Taro Potatoes or Satoimo as we call it in Japan, are a great storage crop to have to get you through the winter. It is commonly eaten in Japan and our CSA members are just starting to get the hang of them. They have a high oxalic acid content and are not suitable for eating raw so always make sure to cook them through. Popular ways of eating them are in soups and stews. My neighbor and CSA member, Camille Armantrout, has been busy experimenting with them and came up with this fabulous fritter recipe! I was lucky enough to be her taster yesterday!
Taro, 1 cup boiled and peeled
Parsnip, 1/2 cup boiled or roasted
Onion or Scallions, 1/2 cup chopped
Garlic, 1 clove minced or 1/2 tsp garlic powder
Peanuts or any other nut, 1/2 cup coarsely chopped
Panko or bread crumbs, 1/2 cup
Salt, 1/2 teaspoon if using salted nuts, 1 tsp if using unsalted
Coconut, 1/2 cup shredded or flaked, unsweetened
Lemon or Lime juice or zest, 1 teaspoon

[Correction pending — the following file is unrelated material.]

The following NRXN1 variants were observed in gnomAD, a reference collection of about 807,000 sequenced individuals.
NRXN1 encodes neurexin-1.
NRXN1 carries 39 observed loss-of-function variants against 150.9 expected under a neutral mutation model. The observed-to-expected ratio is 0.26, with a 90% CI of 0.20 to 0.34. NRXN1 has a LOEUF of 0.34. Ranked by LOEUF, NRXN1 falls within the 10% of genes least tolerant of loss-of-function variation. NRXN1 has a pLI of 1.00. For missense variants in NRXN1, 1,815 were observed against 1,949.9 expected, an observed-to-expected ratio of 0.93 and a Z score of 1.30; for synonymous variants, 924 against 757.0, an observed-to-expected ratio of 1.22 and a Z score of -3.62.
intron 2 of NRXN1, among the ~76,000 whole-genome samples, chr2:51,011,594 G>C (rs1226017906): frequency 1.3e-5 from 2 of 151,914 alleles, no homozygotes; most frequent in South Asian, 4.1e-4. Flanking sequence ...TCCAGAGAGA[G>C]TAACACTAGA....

Cilantro, minced 2 tablespoons
Peanut oil or other frying oil
Sweet chili sauce (like Mai Ploya)
Using a potato masher, mush cooked taro and parsnip into small chunks.
Stir in onion, garlic, nuts, panko, salt, coconut, lemon and cilantro until uniformly blended. It will look like a sticky mess with lumps of taro and parsnip but have faith, these are going to be delicious.
Add 3 Tablespoons of oil to a hot pan.
When the oil is hot, drop spoonfuls of fritter mix into the pan, leaving lots of space between them.
Flip the fritters as soon as they are all in the pan to expose the oily side and use a spatula to press flat. This way the spatula won’t stick to the taro.
Turn heat to medium and fry for several minutes before flipping and pressing again.
Remove golden-brown fritters to a paper towel to drain.
Add oil to pan and scoop out stray bits of fritter if needed before frying the next batch.
Serve with sweet chili sauce.
Batter can be frozen and used another day.